A mother always thinks she knows her child, or at least she ‘thinks’ she knows her child. I am no exception to the case.
My teen surprised me the other day. I realized that I did not know how fast he was growing up.
Parents and kids at school were shaken by the news of two sudden unfortunate untimely deaths of young lives in two consecutive days.
In one case his batch-mate lost his mother in a road accident and in the other incident, his friend lost his sister who was on the threshold of beginning a new life with her fiancé.
The evening his friend’s sister passed away, my teen suddenly came up to me in the evening and said he had something to tell me. I sat him down. He broke the news. I watched his face as he did. The still-innocent-child-face looked serious. The news stunned me; it was just yesterday I had heard about his batch-mate! Then he surprisingly forbade me from sharing the news with anyone yet, since he was unsure of how his friend would react. I respected the decision. By next day, the whole school became aware of the unfortunate second tragedy.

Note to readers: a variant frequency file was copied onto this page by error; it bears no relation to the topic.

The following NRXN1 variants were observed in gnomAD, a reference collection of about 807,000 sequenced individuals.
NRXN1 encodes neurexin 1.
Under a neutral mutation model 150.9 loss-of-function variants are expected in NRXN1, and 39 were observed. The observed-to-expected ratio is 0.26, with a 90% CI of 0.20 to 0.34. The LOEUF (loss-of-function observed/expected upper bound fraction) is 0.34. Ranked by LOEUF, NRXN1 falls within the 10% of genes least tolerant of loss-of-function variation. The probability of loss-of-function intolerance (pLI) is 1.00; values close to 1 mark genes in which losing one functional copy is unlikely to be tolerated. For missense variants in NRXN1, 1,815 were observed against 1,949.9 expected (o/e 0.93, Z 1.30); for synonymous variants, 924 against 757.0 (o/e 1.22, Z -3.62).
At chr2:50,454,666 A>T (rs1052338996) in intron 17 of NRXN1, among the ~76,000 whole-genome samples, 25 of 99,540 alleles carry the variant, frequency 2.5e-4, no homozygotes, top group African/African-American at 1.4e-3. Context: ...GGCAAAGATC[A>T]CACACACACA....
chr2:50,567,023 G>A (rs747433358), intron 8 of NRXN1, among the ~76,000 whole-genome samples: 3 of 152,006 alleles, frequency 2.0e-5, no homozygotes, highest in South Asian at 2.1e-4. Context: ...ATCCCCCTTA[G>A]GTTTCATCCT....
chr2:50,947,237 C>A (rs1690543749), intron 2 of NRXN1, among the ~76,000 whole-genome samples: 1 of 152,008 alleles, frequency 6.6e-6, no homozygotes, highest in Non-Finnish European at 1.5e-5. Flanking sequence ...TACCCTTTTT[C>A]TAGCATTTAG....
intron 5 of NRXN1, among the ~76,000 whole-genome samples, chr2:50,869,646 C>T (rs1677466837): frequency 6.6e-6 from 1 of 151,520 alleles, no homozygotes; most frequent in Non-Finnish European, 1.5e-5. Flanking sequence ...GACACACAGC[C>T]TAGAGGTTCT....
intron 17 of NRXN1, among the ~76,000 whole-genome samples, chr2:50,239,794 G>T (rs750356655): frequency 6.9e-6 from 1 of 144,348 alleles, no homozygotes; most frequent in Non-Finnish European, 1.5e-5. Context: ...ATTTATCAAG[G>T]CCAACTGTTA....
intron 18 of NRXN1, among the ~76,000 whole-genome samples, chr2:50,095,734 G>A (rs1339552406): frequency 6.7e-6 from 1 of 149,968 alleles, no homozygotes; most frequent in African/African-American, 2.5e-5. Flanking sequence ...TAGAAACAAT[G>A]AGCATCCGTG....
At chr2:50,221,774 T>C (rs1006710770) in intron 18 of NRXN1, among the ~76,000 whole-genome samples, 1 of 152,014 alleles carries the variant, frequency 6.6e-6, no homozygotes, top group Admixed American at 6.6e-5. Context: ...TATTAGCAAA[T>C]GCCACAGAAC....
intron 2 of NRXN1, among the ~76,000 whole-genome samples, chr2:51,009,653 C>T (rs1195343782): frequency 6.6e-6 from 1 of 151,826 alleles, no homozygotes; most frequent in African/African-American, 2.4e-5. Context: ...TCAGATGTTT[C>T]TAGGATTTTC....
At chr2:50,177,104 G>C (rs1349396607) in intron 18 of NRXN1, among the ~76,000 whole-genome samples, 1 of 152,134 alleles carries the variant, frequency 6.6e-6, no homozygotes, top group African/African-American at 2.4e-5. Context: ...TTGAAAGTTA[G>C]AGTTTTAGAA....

With important high-school assessments coming up, the teen is busy trying to wrap up study-portions. It is a busy, stressful time with teachers doing last minute revisions and the kids trying to solve mock-papers. In the middle of it all, my teen came up to me and asked me for permission to go and meet his friend (who had lost his sister) and offer his condolences and support at this trying hour.
My teens sense of empathy and concern, took me by surprise. He is growing up fast, I could see. I was surprised because I have seen many a grown-up not knowing what to do or say, when faced with a emotionally fragile situation. And here my teen was confident about facing such a state. In a sad way I was thankful that my teen was growing up with the right core values in life.
The turning point in the process of growing up is when you discover the core of strength within you that survives all hurt ~ Max Lerner